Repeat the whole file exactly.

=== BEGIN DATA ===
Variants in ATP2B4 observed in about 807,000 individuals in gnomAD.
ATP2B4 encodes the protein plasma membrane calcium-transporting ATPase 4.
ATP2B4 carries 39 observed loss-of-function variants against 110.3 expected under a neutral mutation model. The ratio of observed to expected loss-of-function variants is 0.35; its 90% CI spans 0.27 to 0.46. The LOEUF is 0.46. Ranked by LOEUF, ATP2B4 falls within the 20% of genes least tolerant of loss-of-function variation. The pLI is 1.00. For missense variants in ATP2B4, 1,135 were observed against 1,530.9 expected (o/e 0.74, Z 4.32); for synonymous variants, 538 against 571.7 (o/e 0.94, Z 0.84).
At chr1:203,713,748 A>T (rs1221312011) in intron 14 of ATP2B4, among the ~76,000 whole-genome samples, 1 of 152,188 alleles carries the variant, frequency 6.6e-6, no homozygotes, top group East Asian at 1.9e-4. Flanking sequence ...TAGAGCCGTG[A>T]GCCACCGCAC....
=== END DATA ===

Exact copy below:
Variants in ATP2B4 observed in about 807,000 individuals in gnomAD.
ATP2B4 encodes the protein plasma membrane calcium-transporting ATPase 4.
ATP2B4 carries 39 observed loss-of-function variants against 110.3 expected under a neutral mutation model. The ratio of observed to expected loss-of-function variants is 0.35; its 90% CI spans 0.27 to 0.46. The LOEUF is 0.46. Ranked by LOEUF, ATP2B4 falls within the 20% of genes least tolerant of loss-of-function variation. The pLI is 1.00. For missense variants in ATP2B4, 1,135 were observed against 1,530.9 expected (o/e 0.74, Z 4.32); for synonymous variants, 538 against 571.7 (o/e 0.94, Z 0.84).
At chr1:203,713,748 A>T (rs1221312011) in intron 14 of ATP2B4, among the ~76,000 whole-genome samples, 1 of 152,188 alleles carries the variant, frequency 6.6e-6, no homozygotes, top group East Asian at 1.9e-4. Flanking sequence ...TAGAGCCGTG[A>T]GCCACCGCAC....